My walking frame and the beach

Summer is well underway here in the UK (apparently), and slowly my Facebook Timeline is featuring more and more pictures of my friends enjoying their holidays. Some jet off to far off places and taunt me with the photos of places I’d love to go. Others stay closer home which makes me equally jealous. It has been way too long since my last one, but that’s not the point I’m going to make here. Today, I want to talk about the beach.

Sand, it seems to me, divides people into two camps: those who love nothing more than lounging on the beach all day (and why not – you’re on holiday after all), and the people like me, who can’t stand it

I dislike sand for all the obvious reasons – it gets it your shoes, sticks to your skin after you’ve been in the sea, and blocks up the plug hole when you take a shower. However, it irritates me most of all because my walking frame just doesn’t like it. Place Martha (or any of my other frames, for that matter) on the beach and they just won’t move. The wheels simply aren’t big enough to plough through the stuff, and my wheelchair isn’t much better either. My family have figured out that if they pull it backwards on two wheels then it will move, but it’s very tiring for them so I feel really guilty, especially as the beach isn’t my favourite place to be anyway.

Then I have the option of walking along the shore, but I don’t find that great either. I can do it if I have a couple of people to hold me up, but the thing about sand is that it moves underfoot so I often end up hitting the deck anyway and getting covered in the stuff.  I don’t think I need to tell you how unappealing I find that. I still think I’d dislike beaches even if I didn’t have Cerebral Palsy because I suppose you could say they’re just not my scene, but I think that just makes me even less approve of sand.

Don’t get me wrong, I have played on the beach as a kid, and have some great memories (my personal highlight was the time that a seagull decided to follow my sister). I’ve played in the sea, built sandcastles, and collected my fair share of shells but that was a long time ago. These days, I find that I’d much rather sit by the pool with a good book (or four) and do the odd bit of swimming. The irony is I’d probably get a far better workout trying to stroll along the shore, but hey ho.

The Betsy Chronicles

Betsy and I at my graduation
Betsy and I at my graduation

Before my blue Nimbo Frame Martha came into my life, there was Betsy. She was my silver Kaye Walker. I promised you all that I’d tell you all her story one day and now that day has finally arrived.  If you’re a bit confused and want to find out why I choose to name my walking aids, you can check out this post here. If you want to just hear more about my old one Betsy then grab some snacks, pull up a chair and I’ll tell you.

As I’ve said before, she was given to me the day before Christmas Eve in 2011 and went into retirement last month. Usually these frames last longer than that but she was given to me second hand. I didn’t mind. I got a new frame when I needed it and that was all that mattered to me. I was in my final year at university by this point was making an effort to do as much walking as possible so I made sure we had some good times before we had to go our separate ways.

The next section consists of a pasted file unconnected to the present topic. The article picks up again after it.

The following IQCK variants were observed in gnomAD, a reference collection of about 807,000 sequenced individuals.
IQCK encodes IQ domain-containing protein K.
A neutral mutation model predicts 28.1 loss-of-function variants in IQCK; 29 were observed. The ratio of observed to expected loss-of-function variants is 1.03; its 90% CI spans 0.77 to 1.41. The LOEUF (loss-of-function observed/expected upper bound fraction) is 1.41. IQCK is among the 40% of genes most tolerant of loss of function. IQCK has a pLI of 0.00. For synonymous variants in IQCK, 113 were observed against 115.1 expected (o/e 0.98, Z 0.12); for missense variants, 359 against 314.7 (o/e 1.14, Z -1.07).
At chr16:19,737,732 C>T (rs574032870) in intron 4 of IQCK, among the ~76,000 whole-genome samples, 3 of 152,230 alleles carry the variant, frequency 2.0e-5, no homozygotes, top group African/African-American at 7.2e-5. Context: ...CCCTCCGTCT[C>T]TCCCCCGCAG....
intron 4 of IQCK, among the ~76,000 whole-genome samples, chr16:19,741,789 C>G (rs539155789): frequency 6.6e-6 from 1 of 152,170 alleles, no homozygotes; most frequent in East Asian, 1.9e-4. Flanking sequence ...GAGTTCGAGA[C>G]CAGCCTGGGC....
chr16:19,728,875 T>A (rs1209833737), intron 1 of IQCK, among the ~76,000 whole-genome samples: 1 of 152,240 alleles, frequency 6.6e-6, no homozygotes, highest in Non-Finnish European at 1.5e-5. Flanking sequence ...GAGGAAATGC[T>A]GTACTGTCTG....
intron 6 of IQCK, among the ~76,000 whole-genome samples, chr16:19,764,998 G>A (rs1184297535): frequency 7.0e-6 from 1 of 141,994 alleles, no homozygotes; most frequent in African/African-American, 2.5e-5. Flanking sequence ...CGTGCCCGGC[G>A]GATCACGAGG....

I like to think of Betsy as my frame of firsts. She came with me on lots of work experience placements, was there on the first day of work at my last job and came with me when I got the bus by myself for the first time. This last one didn’t go so well. It’s safe to say that catching the bus alone is not my strong point, but that’s a story for another time.

Oh, and she will always have a special place in my heart for being the frame that I used to get across the stage at my university graduation, which for me was the most symbolical moment  of my life so far.  It was the moment that me, my family and endless physios and doctors had been working towards all my life to date. People said I wouldn’t, people said I couldn’t and others thought I was just too lazy and would rely on my folks to do it all for me forever, so I upped-sticks, moved away  and went on an adventure to prove them all wrong. In that moment, I knew I’d made it. We all made it, and Betsy was there every step (or should that be roll) of the way. For that, I will love her forever.

My new Nimbo Frame Martha
My new Nimbo Frame Martha

There are a few ways that the Kaye Walker differed from my new frame Martha, aside from the fact that she was silver and not blue. My Kaye Walker didn’t have a seat on the back. This meant that I couldn’t always sit down as much as I would have liked, but it also made the frame a lot lighter than my current one. It meant that my arms didn’t get as tired when I was using it (guess this means I should probably work out more, huh?) and that it was easier to lift it up and down kurbs, and for me to deal with every time I got the front wheel stuck in a pot hole (this happened more times that I would care to admit).

It also means that the frame is less compact and takes uo more room in the car  but it was all still worth it in my eyes. Like I’ve said before I can now take rest breaks as and when I need them, sit down if I need to take notes when carrying out interview and I’m guaranteed to have somewhere to sit. To me it’s totally worth it even if it does mean I have to grow some muscle and buy less shopping on my trips out. In the end it’s probably better for my body and (my bank balance) anyway.